Enjoy the Music.com

The Absolute Sound

August 2006
By Robert Harley

Elitism & Exclusivity: 1
Sharing Our Passion: 0

 

  True story: A prominent New York City high-end audio retailer discovered a customer in his store with an iPod and promptly asked the customer to leave and not come back. The reason for barring him? The iPod, said he, has no place in an establishment dedicated to creating great sound.

Frankly, I was appalled by this story. Then my disgust over the retailer's behavior turned into an idea: High-end retailers should invite people with iPods into their stores. In fact, the retailer in question should have hung a large sign in his front window proclaiming:

‘Bring in your iPod for a mind-blowing experience!" Rather than rejecting customers with iPods, retailers would do well to consider providing a special system of affordable high-end products fed by a long cable terminated with a stereo mini-plug at the prime listening seat. Plug in the customer's iPod, sit him down, and let him have a blast.

The potential customer is now in control of the demo because he can select his favorite music and access it in a way that is familiar to him. The experience is neither esoteric nor weird. It doesn't involve disc cleaners or clamping mechanisms, static-eliminators or disc mats, top-loading CD transports suspended on points or oddly configured player controls. The customer is completely comfortable. He hears his choice of music at whatever volume he wants and determines how long to listen to each selection. The demo brings what the high end has to offer to his world, rather than expecting him to make the giant leap into ours.

Ideally, the customer will experience his music in an entirely new way. Some who experience the demo will undoubtedly have that thought we've all had upon hearing sound better than we're accustomed to: "I must have this in my home."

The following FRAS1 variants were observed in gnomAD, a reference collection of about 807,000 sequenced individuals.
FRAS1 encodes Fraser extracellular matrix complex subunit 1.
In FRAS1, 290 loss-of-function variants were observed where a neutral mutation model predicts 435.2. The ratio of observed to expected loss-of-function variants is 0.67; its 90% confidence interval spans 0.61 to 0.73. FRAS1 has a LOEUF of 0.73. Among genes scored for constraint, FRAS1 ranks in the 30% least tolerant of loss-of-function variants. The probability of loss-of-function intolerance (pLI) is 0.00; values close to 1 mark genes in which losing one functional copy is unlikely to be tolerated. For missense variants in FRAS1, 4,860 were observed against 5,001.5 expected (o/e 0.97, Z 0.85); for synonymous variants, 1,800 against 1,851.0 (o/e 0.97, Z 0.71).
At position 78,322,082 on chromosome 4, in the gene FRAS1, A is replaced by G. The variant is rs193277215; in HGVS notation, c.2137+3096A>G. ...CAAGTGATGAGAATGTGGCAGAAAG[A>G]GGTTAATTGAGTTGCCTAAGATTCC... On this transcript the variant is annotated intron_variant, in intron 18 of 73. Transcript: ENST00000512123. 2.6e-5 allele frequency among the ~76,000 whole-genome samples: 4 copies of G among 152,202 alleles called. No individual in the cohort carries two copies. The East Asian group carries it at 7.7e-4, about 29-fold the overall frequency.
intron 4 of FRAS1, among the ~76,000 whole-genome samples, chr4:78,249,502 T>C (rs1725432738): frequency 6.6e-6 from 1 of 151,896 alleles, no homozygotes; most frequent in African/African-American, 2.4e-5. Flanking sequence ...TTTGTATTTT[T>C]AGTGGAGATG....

The customer-run demo would of course be followed by a presentation of what the system can do with uncompressed sources such as CD — but without denigrating the iPod or the customer. Depending on the customer's means and interest, the salesperson could then show him a more ambitious system, explain why the more expensive system is better, and let the customer hear for himself what is possible in reproduced music. The salesperson could never take the customer through these subsequent steps without that first crucial epiphany that opens the door to greater possibilities.

The telecommunications industry talks about "the last 100 feet" problem: It's relatively easy and inexpensive to bring miles and miles of cable or telephone lines to within 100 feet of a home; connecting each house with that last 100 feet is the big challenge. Similarly, the high end's big challenge is the first "100 feet — making contact with music lovers who would become customers if only we could only get their attention for a few minutes. The iPod is tailor-made for this job. In fact, the iPod is the perfect device through which to introduce people to high-end audio. Apple's ubiquitous music player — more than 30 million sold and counting — is essentially a two-channel stereo system that can store a vast music library and has a stunningly great user interface. All it needs is a good-quality amplifier and a pair of first-rate speakers to unlock its potential. How many of those 30 million iPod owners would choose better sound if they knew it existed~ What percentage of iPod owners could significantly improve the state of the high-end audio industry? I estimate that reaching just 1% of iPod owners would roughly double the market for high-end audio in North America.

But do we embrace this massive potential source of new enthusiasts? Of course not. We bar them from stores and alienate them for life. Chalk up another victory for the high end's elitism and exclusivity.

 

 

 

     
 

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